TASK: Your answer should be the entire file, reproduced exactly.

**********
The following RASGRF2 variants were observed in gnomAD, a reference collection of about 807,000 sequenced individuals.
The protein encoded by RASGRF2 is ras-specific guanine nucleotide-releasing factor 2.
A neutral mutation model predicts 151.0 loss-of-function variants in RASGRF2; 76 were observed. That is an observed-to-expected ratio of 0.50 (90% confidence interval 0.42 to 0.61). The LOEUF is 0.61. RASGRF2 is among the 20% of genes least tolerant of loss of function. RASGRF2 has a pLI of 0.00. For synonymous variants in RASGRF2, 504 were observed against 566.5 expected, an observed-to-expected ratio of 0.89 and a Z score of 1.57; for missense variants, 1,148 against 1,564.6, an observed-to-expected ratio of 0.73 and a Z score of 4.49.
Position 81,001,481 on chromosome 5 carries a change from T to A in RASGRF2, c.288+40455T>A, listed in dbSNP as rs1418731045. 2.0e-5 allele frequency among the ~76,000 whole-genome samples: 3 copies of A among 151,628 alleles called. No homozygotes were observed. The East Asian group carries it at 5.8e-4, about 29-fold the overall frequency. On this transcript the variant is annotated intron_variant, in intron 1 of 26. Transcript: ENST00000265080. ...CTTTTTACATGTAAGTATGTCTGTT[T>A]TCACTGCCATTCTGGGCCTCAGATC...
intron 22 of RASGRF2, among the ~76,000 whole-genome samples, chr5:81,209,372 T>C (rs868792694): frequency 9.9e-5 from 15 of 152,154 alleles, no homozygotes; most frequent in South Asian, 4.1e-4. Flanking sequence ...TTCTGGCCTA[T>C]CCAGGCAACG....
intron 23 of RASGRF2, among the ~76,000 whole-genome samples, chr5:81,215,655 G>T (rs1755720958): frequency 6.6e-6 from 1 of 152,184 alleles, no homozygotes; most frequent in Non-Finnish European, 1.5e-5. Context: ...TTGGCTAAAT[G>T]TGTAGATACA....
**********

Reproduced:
The following RASGRF2 variants were observed in gnomAD, a reference collection of about 807,000 sequenced individuals.
The protein encoded by RASGRF2 is ras-specific guanine nucleotide-releasing factor 2.
A neutral mutation model predicts 151.0 loss-of-function variants in RASGRF2; 76 were observed. That is an observed-to-expected ratio of 0.50 (90% confidence interval 0.42 to 0.61). The LOEUF is 0.61. RASGRF2 is among the 20% of genes least tolerant of loss of function. RASGRF2 has a pLI of 0.00. For synonymous variants in RASGRF2, 504 were observed against 566.5 expected, an observed-to-expected ratio of 0.89 and a Z score of 1.57; for missense variants, 1,148 against 1,564.6, an observed-to-expected ratio of 0.73 and a Z score of 4.49.
Position 81,001,481 on chromosome 5 carries a change from T to A in RASGRF2, c.288+40455T>A, listed in dbSNP as rs1418731045. 2.0e-5 allele frequency among the ~76,000 whole-genome samples: 3 copies of A among 151,628 alleles called. No homozygotes were observed. The East Asian group carries it at 5.8e-4, about 29-fold the overall frequency. On this transcript the variant is annotated intron_variant, in intron 1 of 26. Transcript: ENST00000265080. ...CTTTTTACATGTAAGTATGTCTGTT[T>A]TCACTGCCATTCTGGGCCTCAGATC...
intron 22 of RASGRF2, among the ~76,000 whole-genome samples, chr5:81,209,372 T>C (rs868792694): frequency 9.9e-5 from 15 of 152,154 alleles, no homozygotes; most frequent in South Asian, 4.1e-4. Flanking sequence ...TTCTGGCCTA[T>C]CCAGGCAACG....
intron 23 of RASGRF2, among the ~76,000 whole-genome samples, chr5:81,215,655 G>T (rs1755720958): frequency 6.6e-6 from 1 of 152,184 alleles, no homozygotes; most frequent in Non-Finnish European, 1.5e-5. Context: ...TTGGCTAAAT[G>T]TGTAGATACA....